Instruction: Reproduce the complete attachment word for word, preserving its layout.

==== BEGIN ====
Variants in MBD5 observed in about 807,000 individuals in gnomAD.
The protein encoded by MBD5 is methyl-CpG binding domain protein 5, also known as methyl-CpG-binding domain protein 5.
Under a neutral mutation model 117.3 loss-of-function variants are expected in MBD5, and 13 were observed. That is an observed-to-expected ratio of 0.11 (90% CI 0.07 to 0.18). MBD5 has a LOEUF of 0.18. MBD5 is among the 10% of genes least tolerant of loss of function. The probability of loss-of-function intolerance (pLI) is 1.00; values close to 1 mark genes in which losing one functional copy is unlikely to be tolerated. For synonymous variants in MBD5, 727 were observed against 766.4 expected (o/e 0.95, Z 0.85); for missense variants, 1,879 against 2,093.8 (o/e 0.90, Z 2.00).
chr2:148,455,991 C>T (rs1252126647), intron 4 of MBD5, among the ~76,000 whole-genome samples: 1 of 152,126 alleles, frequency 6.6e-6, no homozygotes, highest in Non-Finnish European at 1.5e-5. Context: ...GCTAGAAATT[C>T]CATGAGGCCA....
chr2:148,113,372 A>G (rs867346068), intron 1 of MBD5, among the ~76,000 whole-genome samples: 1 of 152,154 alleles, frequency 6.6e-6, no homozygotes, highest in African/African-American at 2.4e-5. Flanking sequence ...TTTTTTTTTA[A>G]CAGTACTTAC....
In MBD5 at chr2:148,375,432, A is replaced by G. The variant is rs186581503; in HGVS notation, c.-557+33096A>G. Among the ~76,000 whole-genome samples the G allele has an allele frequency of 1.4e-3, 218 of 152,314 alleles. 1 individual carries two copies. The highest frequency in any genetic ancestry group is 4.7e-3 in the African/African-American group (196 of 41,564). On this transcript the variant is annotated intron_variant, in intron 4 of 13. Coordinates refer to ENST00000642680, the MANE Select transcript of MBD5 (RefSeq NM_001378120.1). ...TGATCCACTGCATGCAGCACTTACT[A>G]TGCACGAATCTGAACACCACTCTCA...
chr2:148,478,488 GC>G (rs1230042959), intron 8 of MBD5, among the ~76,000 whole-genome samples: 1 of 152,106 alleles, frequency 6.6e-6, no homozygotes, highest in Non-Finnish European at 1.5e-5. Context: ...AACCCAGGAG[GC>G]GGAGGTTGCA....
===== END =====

Variants in MBD5 observed in about 807,000 individuals in gnomAD.
The protein encoded by MBD5 is methyl-CpG binding domain protein 5, also known as methyl-CpG-binding domain protein 5.
Under a neutral mutation model 117.3 loss-of-function variants are expected in MBD5, and 13 were observed. That is an observed-to-expected ratio of 0.11 (90% CI 0.07 to 0.18). MBD5 has a LOEUF of 0.18. MBD5 is among the 10% of genes least tolerant of loss of function. The probability of loss-of-function intolerance (pLI) is 1.00; values close to 1 mark genes in which losing one functional copy is unlikely to be tolerated. For synonymous variants in MBD5, 727 were observed against 766.4 expected (o/e 0.95, Z 0.85); for missense variants, 1,879 against 2,093.8 (o/e 0.90, Z 2.00).
chr2:148,455,991 C>T (rs1252126647), intron 4 of MBD5, among the ~76,000 whole-genome samples: 1 of 152,126 alleles, frequency 6.6e-6, no homozygotes, highest in Non-Finnish European at 1.5e-5. Context: ...GCTAGAAATT[C>T]CATGAGGCCA....
chr2:148,113,372 A>G (rs867346068), intron 1 of MBD5, among the ~76,000 whole-genome samples: 1 of 152,154 alleles, frequency 6.6e-6, no homozygotes, highest in African/African-American at 2.4e-5. Flanking sequence ...TTTTTTTTTA[A>G]CAGTACTTAC....
In MBD5 at chr2:148,375,432, A is replaced by G. The variant is rs186581503; in HGVS notation, c.-557+33096A>G. Among the ~76,000 whole-genome samples the G allele has an allele frequency of 1.4e-3, 218 of 152,314 alleles. 1 individual carries two copies. The highest frequency in any genetic ancestry group is 4.7e-3 in the African/African-American group (196 of 41,564). On this transcript the variant is annotated intron_variant, in intron 4 of 13. Coordinates refer to ENST00000642680, the MANE Select transcript of MBD5 (RefSeq NM_001378120.1). ...TGATCCACTGCATGCAGCACTTACT[A>G]TGCACGAATCTGAACACCACTCTCA...
chr2:148,478,488 GC>G (rs1230042959), intron 8 of MBD5, among the ~76,000 whole-genome samples: 1 of 152,106 alleles, frequency 6.6e-6, no homozygotes, highest in Non-Finnish European at 1.5e-5. Context: ...AACCCAGGAG[GC>G]GGAGGTTGCA....